A recent article in our paper tells how to prevent or delay Alzheimer's disease. Among the recommendations:
1. Exercise your brain: do a new type of puzzle, learn to play chess, take a foreign language class or solve a vexing problem.
2. Socialize: Don't sit in front of the TV. People who are part of a group, whether it is a church or a book club, age healthier. Declining social interaction predicts declining cognitive function, government research shows.
3. Relax: People who have chronic distress - extreme worriers - are twice as likely to develop some forms of dementia; their brains are more vulnerable when disease strikes.
4. Exercise your body: Bad memory is linked to heart disease and diabetes, because clogged arteries slow blood flow in the brain. Elderly people who were less mentally and physically active in middle age are about three times as likely to get Alzheimers.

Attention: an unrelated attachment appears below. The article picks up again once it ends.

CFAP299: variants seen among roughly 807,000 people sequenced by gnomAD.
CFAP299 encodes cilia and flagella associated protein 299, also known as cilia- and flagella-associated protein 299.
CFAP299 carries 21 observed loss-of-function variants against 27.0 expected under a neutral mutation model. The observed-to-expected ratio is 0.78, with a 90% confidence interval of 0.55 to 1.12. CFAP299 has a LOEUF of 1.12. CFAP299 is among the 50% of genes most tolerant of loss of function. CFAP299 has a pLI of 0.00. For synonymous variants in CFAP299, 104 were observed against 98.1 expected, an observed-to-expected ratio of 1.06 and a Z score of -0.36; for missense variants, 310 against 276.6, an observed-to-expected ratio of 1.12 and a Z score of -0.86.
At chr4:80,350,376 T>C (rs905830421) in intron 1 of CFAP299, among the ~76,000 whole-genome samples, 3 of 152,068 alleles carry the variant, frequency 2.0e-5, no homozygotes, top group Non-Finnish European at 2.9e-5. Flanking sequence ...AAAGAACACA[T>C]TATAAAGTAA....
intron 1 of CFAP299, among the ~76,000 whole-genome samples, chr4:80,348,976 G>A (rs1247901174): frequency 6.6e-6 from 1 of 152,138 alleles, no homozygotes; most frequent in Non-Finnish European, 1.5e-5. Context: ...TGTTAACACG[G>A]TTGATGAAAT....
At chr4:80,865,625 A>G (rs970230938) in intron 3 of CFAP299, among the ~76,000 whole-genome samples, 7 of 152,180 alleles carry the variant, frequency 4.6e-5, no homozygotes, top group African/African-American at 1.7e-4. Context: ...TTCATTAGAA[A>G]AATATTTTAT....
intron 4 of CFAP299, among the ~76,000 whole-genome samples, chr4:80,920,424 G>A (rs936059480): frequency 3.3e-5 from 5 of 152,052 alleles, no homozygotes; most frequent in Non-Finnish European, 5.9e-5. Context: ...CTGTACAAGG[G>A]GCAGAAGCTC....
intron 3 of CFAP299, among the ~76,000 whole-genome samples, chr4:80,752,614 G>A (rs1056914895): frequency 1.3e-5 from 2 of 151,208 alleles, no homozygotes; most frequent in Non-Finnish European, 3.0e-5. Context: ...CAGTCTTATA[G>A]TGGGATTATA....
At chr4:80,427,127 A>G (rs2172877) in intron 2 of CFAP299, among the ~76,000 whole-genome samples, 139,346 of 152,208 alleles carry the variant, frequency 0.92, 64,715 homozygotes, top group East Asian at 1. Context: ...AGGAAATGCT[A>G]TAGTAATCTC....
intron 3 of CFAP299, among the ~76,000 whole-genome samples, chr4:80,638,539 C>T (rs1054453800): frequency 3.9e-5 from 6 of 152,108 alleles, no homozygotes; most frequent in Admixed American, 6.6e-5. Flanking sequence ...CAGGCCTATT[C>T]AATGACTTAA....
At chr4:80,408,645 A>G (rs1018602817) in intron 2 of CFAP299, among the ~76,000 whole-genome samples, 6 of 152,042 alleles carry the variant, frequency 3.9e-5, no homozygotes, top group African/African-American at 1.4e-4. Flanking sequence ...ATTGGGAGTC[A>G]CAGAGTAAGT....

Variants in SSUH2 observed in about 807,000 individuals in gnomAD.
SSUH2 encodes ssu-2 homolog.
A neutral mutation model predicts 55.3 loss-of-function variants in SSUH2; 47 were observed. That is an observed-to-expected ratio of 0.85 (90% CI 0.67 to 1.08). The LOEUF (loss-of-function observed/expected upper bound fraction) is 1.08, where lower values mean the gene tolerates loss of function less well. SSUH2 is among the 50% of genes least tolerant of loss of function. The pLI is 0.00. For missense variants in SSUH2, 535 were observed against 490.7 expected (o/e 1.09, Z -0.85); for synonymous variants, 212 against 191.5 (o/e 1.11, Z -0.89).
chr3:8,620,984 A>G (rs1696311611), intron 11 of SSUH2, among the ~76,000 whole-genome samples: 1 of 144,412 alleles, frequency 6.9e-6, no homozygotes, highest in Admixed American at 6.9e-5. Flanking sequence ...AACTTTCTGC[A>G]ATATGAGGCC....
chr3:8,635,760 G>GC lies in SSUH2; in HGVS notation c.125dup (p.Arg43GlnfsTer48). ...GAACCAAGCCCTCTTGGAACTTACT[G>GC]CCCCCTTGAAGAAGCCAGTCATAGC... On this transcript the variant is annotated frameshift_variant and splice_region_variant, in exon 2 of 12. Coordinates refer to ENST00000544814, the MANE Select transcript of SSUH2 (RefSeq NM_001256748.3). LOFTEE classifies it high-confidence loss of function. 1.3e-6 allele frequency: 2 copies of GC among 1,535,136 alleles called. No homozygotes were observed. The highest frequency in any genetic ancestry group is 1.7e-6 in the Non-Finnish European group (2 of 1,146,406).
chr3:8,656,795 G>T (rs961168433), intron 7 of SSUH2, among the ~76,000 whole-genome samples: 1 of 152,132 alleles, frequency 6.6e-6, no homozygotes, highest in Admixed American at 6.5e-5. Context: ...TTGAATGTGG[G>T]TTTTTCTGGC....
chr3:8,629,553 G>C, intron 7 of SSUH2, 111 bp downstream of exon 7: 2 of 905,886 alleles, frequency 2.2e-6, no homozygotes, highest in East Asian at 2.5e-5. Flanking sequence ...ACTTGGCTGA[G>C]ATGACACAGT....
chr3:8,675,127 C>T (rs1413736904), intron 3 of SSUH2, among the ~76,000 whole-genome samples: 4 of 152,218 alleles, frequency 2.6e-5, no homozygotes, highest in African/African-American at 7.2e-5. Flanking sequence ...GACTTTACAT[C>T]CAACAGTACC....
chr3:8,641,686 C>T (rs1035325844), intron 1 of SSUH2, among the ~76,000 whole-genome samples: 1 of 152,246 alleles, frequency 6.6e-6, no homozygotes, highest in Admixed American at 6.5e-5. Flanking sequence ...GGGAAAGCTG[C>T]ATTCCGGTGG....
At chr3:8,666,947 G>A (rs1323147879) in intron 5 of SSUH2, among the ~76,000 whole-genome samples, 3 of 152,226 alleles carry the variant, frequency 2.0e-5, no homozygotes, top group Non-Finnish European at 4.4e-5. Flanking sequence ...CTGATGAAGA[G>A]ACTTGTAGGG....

5. Eat right: Avoid artery-clogging fat and try for omega-3 fatty acids, found in fish and nuts. Eat dark-skinned fruits and vegetables (high in vitamins E and C). B vitamins and folic acid are also important.
The goal is to build up a "cognitive reserve", so that if illness strikes, you have the ability to withstand the attack longer before symptoms become obvious.
May I take the liberty of adding a # 6? My answer to growing older (in mind, at least) is to write. Everyday. It forces you to exercise your brain. To that end, I blog, and reading other blogs also exercises my brain - and often provides humor - which is shown to be extremely useful for good health. I am sure all of you reading here know this already - but it bears repeating - doesn't it?